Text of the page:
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Has anyone applied to CSIS for intelligence Officer?

  • Last Updated:
  • Jan 15th, 2015 12:13 am
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Newbie
May 7, 2013
1 posts
Let's bump this thread instead of creating a new one ... here is what I know.

The recruitment process is the worst process ever !
First, you have to ship all these documents :
1- application for employment completed (3 copies)
2- resume (3 copies)
3- personnel screening (easy) : http://www.tbs-sct.gc.ca/tbsf-fsct/330-23-eng.pdf
4- security clearance form (not fun) : http://www.tbs-sct.gc.ca/tbsf-fsct/330-60-eng.pdf (5 copies!)
5- drivers licence (2 photocopies)
6- birth certificate (2 photocopies)
7- citizenship certificate (if born outside Canada)
8- marriage certificate (if applicable) (2 photocopies)
9- divorce or separation documents (if applicable) (2 photocopies)
10- education documents for highest level of education, as well as any documents supporting special qualifications (2 photocopies)
11- official transcripts forwarded directly to them by the post-secondary institutions attended ($)
12- 3 recent reference letters signed, to be provided by references, who are not family (3 copies) ... can't be the same people as on form 330-60 (see step 4)
13- abuse or illegal substance form signed
14- 6 recent & identical photographs : face only

The step 4 is the worst.
And this is just the start.

You will also have many interviews-tests, I might forget some :
0- phone interview : why are you interested in working for SCRS, etc.
1- technical interview : in fact it's not technical at all, the only technical element is that you have to tell them exactly how many years you worked on each technology, the rest is classic blablabla ...
2- admissibility interview : not funny again, they ask you very personal questions like :
- drug use : in depth, yes even as teenager, even drinking use
- internet use : what kind of website, how long each day
- family stuff : behavior, history
- small offenses : stealing stuff, drunk driving
3- 1000 questions true-false (3 hours) : stupid stuff like from "sometimes, I hear voices" to "I like science books" and "I like to play pranks to animals" ...
I think they try to categorize people as either : detail oriented, goal oriented, people oriented, etc.
See http://www.colorfulleadership.info/pape ... adrant.htm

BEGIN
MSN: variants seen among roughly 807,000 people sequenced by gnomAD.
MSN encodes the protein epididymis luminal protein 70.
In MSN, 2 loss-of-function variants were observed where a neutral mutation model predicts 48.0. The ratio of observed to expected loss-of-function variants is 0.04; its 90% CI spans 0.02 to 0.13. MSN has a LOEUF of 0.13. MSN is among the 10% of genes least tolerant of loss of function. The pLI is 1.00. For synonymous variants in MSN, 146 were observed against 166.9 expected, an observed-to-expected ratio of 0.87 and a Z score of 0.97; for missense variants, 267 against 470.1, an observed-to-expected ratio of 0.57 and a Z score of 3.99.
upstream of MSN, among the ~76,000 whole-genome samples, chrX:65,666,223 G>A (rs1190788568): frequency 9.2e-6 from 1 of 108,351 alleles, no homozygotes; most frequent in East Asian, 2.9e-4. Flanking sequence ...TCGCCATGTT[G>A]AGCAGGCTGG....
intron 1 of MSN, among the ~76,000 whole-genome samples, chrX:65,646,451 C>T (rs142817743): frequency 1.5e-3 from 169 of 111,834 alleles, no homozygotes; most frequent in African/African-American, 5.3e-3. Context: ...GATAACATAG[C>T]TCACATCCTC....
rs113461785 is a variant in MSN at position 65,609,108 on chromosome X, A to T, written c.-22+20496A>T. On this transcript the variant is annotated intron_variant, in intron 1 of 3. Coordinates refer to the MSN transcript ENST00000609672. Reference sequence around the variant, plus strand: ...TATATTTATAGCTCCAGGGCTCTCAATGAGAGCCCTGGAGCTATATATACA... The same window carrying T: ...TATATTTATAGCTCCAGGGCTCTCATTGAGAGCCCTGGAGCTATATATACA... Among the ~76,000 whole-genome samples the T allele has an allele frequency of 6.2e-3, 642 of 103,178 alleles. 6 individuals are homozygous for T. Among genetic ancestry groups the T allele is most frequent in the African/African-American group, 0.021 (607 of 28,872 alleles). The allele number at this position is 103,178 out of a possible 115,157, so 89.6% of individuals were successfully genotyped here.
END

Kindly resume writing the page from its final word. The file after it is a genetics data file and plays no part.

They also take your finger prints.
4- psycho interview : using step 3 answers + asking the same questions as step 2 (yeah again!) ...
Again, they insist on having complete answers, they want to know every damn thing you stole in your life, even as a kid.
They ask you questions like : what does your family (or friends ) reproach you (sometimes) ... what they would like you to improve ...
5- security interview
6- polygraph (lie detector)

Here are the key elements about the process :
- at any time during the process, they can decide you don't fit
- they are 2 parts in the process, the security clearance and the hiring process, but they don't clearly tell you which interview is for which process
- you are only a number, they have many candidates
- they don't seem to care about your time and confidentiality :
- instead of making copies themselves, they ask you to do it ... 5 copies ... seriously ?
- instead of bringing you once for one day, each interview is on a different week
- instead of evaluating your skills first, they start the security process early, so you do both even if not required in the end ...
- they ask you for everything you did "bad" in your life, imagine the worst interview questions, they ask them all
- from the start, they ask you to tell the truth (lie detector at the end) and to answer every damn personal question, so even if you are not chosen at the end, you gave a lot of information for nothing
to put you at ease, they tell you nobody is perfect

I'm not sure of the perfect way to pass all these steps but here are few thoughts :
- don't start this process if you are not highly motivated
- don't expect too much from this process

- let's hope you were a perfect teenager (a nerd) and that you are still pretty boring (but not too much because they seem to like people-oriented and sportsmen candidates)
- otherwise, don't be afraid to lie, but be constant, take notes because they do and you will forget what you said weeks ago, remember that they can't verify 99% of your answers and that the lie detector is just a stupid tool)
- even if hard, try to be as honest as possible while saying as little as possible
- always try to look as perfect as possible even if they ask you so much stuff
- try to look balanced so they can't categorize you
Jr. Member
User avatar
Oct 13, 2011
188 posts
31 upvotes
Montr
You know that you are not supposed to disclose all this information...you have signed a confidentiality agreement regarding the selection process. You could be sue for disclosing all that stuff over the web...just saying...